Looking for things to do in Washington, D.C. with (or without) kids? It’s incredibly hard to choose — I know because I just did it. We saw about 30 Washington, D.C. attractions in 7 days, so I’m a semi-expert on things to do and things to skip.
When planning a good trip to D.C., think like a kid. Choose Washington, D.C. attractions that are either mind-blowing (as in, “Oh my God, that’s the actual Declaration of Independence!”) or just plain fun (such as the interactive espionage experience at the International Spy Museum).
Top things to do in Washington, D.C.
1. DC Bike and Roll: The Capital Sites at Nite Bike Tour was the highlight of our trip! Most of the riding is flat and car-free, and the bikes are comfy. In the summer, there are fireflies on the mall after sunset — it’s magical. It’s worth doing this early in your trip, because you’ll see most of the monuments and get oriented.
A few days after our tour, we rented bikes again to get to the monuments around the Tidal Basin (Jefferson, MLK, FDR) which are too far to walk to and not on any public transportation lines.
2. National Museum of Natural History: We went twice! Of all the Smithsonians, this was the best for our family. The Hall of Mammals is amazing, as is the Gem and Mineral Hall and the fossils. If you’re not bugophobic, check out the Butterfly Pavillion.
3. Ford’s Theatre: Absolutely great and short too — definitely go for the ranger talk and the audio tour. The tour of the house across the street where Lincoln died is skippable if you’re short on time.
4. International SPY Museum: I actually liked the gift store better than the museum, but that’s me. Our whole family enjoyed doing Operation Spy, a 1-hour Hollywood-style interactive mission where you wiretap, interrogate, safe crack, and even make a hasty getaway in the back of a truck in the fictional Middle Eastern city of Khandar (best for kids 12 and older)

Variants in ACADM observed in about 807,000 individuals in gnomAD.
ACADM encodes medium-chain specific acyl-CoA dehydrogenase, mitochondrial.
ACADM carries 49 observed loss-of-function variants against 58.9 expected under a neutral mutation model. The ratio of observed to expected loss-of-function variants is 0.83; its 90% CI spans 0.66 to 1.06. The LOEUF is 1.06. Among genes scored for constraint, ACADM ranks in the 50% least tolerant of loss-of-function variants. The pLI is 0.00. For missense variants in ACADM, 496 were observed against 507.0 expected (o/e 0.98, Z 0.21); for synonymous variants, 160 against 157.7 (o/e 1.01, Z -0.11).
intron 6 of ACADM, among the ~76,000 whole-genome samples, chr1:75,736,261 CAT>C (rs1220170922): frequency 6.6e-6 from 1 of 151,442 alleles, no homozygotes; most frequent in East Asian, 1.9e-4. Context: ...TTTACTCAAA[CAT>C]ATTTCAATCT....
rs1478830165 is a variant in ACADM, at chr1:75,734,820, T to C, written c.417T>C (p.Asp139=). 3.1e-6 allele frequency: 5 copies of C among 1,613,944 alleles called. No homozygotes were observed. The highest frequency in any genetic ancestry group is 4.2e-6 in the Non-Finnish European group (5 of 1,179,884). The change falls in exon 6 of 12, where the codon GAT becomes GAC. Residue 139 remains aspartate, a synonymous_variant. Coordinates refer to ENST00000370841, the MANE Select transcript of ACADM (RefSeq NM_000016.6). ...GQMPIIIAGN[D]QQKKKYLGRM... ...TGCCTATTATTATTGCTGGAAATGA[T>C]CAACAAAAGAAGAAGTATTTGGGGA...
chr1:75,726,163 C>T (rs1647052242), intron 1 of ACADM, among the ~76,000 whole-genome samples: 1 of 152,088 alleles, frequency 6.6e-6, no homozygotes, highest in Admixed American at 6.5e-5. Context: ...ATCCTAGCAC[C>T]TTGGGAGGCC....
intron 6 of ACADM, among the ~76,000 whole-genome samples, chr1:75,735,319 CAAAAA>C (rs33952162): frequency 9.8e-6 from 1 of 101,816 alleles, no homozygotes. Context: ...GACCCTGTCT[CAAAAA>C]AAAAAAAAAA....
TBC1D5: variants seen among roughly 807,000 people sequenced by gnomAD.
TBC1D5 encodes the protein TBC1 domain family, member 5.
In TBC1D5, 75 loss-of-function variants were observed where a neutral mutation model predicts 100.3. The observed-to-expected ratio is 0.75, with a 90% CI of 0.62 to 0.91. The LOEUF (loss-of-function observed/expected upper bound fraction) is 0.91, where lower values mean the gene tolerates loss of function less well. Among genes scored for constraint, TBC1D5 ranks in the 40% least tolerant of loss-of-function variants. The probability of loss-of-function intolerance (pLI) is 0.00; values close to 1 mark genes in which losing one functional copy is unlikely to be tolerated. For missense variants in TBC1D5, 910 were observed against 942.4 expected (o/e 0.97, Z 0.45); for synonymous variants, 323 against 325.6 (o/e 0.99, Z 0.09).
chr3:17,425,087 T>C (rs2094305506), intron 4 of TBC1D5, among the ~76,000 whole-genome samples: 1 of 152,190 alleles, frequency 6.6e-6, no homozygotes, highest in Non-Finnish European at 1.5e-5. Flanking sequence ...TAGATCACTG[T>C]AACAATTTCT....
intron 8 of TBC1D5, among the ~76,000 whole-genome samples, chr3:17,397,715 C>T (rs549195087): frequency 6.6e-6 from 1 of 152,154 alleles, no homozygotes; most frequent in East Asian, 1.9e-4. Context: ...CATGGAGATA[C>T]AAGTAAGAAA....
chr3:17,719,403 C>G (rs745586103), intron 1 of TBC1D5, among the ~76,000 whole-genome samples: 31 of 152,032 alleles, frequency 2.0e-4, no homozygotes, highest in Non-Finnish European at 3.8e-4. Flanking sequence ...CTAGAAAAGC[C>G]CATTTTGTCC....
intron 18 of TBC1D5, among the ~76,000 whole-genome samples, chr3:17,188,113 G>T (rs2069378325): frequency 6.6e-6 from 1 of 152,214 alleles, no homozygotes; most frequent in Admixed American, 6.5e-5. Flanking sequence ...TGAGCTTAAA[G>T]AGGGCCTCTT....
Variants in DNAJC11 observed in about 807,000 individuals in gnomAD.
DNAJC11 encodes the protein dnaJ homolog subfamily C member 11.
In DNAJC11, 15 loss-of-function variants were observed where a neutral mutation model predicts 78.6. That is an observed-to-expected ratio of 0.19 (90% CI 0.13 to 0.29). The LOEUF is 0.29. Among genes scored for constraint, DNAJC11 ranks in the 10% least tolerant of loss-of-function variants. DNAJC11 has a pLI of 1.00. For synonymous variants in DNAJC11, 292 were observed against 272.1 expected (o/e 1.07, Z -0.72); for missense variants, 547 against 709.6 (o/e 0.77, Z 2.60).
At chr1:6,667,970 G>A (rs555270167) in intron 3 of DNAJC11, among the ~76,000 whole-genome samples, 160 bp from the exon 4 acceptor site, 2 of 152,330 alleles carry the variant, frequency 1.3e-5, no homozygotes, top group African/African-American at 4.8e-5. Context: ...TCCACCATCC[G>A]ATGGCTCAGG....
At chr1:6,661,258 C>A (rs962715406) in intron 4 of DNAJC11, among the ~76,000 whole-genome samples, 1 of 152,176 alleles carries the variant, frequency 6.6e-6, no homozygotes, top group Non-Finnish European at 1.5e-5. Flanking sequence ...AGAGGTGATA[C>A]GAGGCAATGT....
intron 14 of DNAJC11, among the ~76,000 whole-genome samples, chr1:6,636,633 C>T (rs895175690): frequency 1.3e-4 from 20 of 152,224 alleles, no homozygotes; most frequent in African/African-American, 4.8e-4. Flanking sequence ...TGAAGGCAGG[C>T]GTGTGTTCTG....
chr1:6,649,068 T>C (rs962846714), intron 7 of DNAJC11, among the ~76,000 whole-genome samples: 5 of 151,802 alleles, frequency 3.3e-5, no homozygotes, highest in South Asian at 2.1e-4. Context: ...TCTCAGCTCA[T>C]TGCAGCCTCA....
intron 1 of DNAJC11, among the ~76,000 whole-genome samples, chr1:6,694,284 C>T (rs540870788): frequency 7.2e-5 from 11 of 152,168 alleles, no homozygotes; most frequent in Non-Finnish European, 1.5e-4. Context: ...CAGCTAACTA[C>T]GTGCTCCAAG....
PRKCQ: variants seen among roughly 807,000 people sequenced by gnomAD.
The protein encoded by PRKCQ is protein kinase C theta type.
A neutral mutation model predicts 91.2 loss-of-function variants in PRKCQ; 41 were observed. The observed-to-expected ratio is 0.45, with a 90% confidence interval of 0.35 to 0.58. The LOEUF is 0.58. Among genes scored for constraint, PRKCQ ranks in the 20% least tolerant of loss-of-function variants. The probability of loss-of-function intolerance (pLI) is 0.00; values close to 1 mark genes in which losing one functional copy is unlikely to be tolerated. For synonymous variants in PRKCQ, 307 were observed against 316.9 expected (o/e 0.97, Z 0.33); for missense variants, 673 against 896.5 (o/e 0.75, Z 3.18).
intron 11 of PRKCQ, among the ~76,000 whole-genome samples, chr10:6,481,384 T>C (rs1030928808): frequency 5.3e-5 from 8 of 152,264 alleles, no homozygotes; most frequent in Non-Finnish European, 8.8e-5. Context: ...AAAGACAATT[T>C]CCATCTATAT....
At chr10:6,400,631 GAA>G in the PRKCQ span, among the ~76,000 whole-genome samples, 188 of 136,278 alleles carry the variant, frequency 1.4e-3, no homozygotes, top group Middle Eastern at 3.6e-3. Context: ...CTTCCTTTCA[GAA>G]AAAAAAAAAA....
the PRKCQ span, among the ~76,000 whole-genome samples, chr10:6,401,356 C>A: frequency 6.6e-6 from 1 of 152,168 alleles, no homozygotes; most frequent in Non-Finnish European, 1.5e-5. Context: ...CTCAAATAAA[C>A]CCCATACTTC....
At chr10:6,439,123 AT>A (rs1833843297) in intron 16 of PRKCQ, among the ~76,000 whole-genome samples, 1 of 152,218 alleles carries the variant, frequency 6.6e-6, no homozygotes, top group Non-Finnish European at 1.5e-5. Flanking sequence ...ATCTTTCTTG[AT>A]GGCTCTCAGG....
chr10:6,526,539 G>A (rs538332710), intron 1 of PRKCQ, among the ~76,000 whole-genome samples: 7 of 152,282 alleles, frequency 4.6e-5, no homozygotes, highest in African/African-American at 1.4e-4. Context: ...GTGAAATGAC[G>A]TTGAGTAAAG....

Other highlights included crawling through an airduct to eavesdrop, seeing historical spy paraphernalia, and simulating James Bond.
5. White House: Sequestration while we were in town meant no tours, but it was still cool to look at through the South Lawn fence.
6. Capitol Tour: You’ll need pre-arranged congressional tickets. After the tour, hike over to your congressperson’s office where staff can give you passes to the Senate and House Galleries — I think it’s worth going even if they aren’t in session.
An intern actually took us through the tunnels back into the Capitol. It was cool. Maybe you can ask them to do that for you? Seeing Congress in session was awesome. Totally a highlight.
7. Supreme Court: Need congressional tickets. Awesome. And you get to sit down! Win-win.
Other things to do in Washington, D.C. (but really quickly)
1. Newseum: Really a good museum, but the kids only liked the Presidential Pets exhibit and the NBC Interactive Newsroom (where you get to be the reporter in front of a green screen). There’s a great Berlin Wall exhibit and a 911 gallery and Pulitzer prize-winning photos. The kids sprinted through most of it, but they had museum fatigue by that point.